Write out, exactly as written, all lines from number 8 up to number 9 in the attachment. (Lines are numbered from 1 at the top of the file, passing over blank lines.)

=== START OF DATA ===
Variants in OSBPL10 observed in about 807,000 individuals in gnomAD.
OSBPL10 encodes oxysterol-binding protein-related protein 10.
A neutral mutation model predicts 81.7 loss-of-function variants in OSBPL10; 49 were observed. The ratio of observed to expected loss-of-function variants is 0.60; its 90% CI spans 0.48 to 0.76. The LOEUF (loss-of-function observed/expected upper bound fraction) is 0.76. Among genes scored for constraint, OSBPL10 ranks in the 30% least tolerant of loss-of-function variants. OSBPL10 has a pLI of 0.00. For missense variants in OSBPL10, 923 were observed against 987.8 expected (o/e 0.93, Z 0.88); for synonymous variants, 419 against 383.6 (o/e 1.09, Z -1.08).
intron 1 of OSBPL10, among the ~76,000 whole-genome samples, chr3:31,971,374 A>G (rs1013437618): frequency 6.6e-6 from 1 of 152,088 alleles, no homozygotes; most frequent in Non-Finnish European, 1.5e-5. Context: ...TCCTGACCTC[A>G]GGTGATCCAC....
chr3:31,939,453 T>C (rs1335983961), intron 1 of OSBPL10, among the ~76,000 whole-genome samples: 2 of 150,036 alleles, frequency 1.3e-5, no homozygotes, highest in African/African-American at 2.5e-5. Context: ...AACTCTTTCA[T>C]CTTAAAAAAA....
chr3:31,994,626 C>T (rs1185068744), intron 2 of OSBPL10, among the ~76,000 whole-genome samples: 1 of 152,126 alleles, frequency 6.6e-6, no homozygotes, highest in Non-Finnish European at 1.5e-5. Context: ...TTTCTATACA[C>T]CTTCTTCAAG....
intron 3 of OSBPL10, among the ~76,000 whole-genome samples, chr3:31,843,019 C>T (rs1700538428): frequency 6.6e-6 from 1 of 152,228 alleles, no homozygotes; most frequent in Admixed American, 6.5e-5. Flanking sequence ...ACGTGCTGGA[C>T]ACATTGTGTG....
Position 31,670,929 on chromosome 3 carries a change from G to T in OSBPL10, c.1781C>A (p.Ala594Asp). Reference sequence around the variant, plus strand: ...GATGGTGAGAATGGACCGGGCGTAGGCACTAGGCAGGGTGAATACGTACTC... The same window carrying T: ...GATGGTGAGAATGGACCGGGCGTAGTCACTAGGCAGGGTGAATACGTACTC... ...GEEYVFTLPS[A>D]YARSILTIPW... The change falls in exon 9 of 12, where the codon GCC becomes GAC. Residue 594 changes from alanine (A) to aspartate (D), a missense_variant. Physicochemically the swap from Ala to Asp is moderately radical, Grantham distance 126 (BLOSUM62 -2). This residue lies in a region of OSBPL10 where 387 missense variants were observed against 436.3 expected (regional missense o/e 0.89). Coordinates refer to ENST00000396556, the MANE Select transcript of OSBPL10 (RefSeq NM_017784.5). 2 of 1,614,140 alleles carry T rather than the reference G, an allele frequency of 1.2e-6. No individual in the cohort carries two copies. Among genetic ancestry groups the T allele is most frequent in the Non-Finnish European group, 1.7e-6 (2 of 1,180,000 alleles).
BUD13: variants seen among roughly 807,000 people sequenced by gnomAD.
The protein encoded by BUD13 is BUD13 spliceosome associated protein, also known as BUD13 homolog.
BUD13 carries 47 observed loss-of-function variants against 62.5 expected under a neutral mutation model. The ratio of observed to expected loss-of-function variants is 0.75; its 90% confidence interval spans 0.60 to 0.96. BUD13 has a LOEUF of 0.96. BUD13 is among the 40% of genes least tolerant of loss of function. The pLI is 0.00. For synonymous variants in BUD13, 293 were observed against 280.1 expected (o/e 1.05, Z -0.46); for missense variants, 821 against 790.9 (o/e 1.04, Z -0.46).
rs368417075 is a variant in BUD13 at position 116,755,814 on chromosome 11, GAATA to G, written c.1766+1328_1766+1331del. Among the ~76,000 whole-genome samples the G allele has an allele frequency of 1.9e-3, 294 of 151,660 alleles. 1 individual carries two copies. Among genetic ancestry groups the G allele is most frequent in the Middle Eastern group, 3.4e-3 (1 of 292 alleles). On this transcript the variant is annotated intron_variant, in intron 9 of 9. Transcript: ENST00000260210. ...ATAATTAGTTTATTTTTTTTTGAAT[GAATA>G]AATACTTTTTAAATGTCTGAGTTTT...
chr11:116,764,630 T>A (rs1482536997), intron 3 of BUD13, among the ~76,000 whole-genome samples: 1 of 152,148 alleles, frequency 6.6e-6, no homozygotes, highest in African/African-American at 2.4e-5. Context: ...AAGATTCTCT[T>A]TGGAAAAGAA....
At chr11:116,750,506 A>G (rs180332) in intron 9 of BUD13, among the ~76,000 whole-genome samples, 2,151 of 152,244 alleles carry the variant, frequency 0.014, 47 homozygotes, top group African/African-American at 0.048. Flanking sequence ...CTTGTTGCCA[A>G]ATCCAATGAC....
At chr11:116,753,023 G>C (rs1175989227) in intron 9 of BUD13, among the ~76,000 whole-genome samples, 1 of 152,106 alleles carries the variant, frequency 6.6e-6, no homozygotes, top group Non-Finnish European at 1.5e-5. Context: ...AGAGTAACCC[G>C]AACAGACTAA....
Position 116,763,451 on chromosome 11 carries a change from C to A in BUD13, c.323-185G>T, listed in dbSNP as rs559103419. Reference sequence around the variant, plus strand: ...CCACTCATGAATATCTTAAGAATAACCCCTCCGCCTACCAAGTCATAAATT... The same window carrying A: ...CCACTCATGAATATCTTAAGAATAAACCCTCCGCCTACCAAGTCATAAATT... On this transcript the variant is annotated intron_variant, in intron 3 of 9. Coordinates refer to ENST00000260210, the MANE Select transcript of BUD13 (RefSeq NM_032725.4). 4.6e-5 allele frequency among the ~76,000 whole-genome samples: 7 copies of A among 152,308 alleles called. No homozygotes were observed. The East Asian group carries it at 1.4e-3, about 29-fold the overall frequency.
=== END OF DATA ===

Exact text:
Position 31,670,929 on chromosome 3 carries a change from G to T in OSBPL10, c.1781C>A (p.Ala594Asp). Reference sequence around the variant, plus strand: ...GATGGTGAGAATGGACCGGGCGTAGGCACTAGGCAGGGTGAATACGTACTC... The same window carrying T: ...GATGGTGAGAATGGACCGGGCGTAGTCACTAGGCAGGGTGAATACGTACTC... ...GEEYVFTLPS[A>D]YARSILTIPW... The change falls in exon 9 of 12, where the codon GCC becomes GAC. Residue 594 changes from alanine (A) to aspartate (D), a missense_variant. Physicochemically the swap from Ala to Asp is moderately radical, Grantham distance 126 (BLOSUM62 -2). This residue lies in a region of OSBPL10 where 387 missense variants were observed against 436.3 expected (regional missense o/e 0.89). Coordinates refer to ENST00000396556, the MANE Select transcript of OSBPL10 (RefSeq NM_017784.5). 2 of 1,614,140 alleles carry T rather than the reference G, an allele frequency of 1.2e-6. No individual in the cohort carries two copies. Among genetic ancestry groups the T allele is most frequent in the Non-Finnish European group, 1.7e-6 (2 of 1,180,000 alleles).
BUD13: variants seen among roughly 807,000 people sequenced by gnomAD.